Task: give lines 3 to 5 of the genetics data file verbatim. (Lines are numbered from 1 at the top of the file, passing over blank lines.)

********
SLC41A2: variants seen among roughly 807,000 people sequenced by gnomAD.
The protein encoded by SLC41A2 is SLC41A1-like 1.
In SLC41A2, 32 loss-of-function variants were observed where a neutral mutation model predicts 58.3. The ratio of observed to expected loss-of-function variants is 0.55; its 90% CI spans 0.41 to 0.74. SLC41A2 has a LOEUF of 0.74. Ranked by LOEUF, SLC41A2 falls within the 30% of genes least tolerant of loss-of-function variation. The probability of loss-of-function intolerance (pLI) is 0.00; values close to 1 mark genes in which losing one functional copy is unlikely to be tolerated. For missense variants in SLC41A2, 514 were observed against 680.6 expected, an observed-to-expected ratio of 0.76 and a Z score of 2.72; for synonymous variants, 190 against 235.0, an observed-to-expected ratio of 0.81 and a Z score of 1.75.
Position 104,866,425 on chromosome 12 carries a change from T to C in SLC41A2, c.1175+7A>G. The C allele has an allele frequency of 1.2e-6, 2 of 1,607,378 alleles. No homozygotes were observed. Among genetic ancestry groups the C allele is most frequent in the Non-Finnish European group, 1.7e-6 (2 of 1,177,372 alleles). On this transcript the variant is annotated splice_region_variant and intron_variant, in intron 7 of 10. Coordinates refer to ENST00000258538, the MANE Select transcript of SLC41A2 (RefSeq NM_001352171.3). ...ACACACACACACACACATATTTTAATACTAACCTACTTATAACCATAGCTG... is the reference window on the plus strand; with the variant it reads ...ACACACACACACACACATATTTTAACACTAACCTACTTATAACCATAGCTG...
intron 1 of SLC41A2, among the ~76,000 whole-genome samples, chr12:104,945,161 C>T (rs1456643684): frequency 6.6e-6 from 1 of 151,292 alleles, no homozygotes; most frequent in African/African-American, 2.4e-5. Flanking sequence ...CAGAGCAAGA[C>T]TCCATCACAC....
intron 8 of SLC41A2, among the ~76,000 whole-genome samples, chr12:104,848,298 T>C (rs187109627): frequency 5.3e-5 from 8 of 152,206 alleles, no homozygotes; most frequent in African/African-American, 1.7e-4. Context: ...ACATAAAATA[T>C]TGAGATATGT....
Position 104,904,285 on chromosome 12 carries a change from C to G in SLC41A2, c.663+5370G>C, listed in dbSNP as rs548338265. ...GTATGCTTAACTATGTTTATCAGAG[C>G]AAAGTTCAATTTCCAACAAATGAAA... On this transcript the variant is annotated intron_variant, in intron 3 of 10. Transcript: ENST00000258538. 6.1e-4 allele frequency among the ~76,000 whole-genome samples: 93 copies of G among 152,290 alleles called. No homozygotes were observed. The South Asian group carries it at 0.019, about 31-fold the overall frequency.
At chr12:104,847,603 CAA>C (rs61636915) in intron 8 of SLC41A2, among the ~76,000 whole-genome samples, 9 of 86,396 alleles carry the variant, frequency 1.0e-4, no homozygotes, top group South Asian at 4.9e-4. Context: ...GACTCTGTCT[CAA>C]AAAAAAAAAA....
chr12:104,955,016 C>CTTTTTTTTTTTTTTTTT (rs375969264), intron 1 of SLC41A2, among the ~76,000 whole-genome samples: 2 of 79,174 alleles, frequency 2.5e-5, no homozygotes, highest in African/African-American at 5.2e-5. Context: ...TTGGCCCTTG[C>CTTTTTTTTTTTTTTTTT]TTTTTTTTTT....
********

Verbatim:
In SLC41A2, 32 loss-of-function variants were observed where a neutral mutation model predicts 58.3. The ratio of observed to expected loss-of-function variants is 0.55; its 90% CI spans 0.41 to 0.74. SLC41A2 has a LOEUF of 0.74. Ranked by LOEUF, SLC41A2 falls within the 30% of genes least tolerant of loss-of-function variation. The probability of loss-of-function intolerance (pLI) is 0.00; values close to 1 mark genes in which losing one functional copy is unlikely to be tolerated. For missense variants in SLC41A2, 514 were observed against 680.6 expected, an observed-to-expected ratio of 0.76 and a Z score of 2.72; for synonymous variants, 190 against 235.0, an observed-to-expected ratio of 0.81 and a Z score of 1.75.
Position 104,866,425 on chromosome 12 carries a change from T to C in SLC41A2, c.1175+7A>G. The C allele has an allele frequency of 1.2e-6, 2 of 1,607,378 alleles. No homozygotes were observed. Among genetic ancestry groups the C allele is most frequent in the Non-Finnish European group, 1.7e-6 (2 of 1,177,372 alleles). On this transcript the variant is annotated splice_region_variant and intron_variant, in intron 7 of 10. Coordinates refer to ENST00000258538, the MANE Select transcript of SLC41A2 (RefSeq NM_001352171.3). ...ACACACACACACACACATATTTTAATACTAACCTACTTATAACCATAGCTG... is the reference window on the plus strand; with the variant it reads ...ACACACACACACACACATATTTTAACACTAACCTACTTATAACCATAGCTG...
intron 1 of SLC41A2, among the ~76,000 whole-genome samples, chr12:104,945,161 C>T (rs1456643684): frequency 6.6e-6 from 1 of 151,292 alleles, no homozygotes; most frequent in African/African-American, 2.4e-5. Flanking sequence ...CAGAGCAAGA[C>T]TCCATCACAC....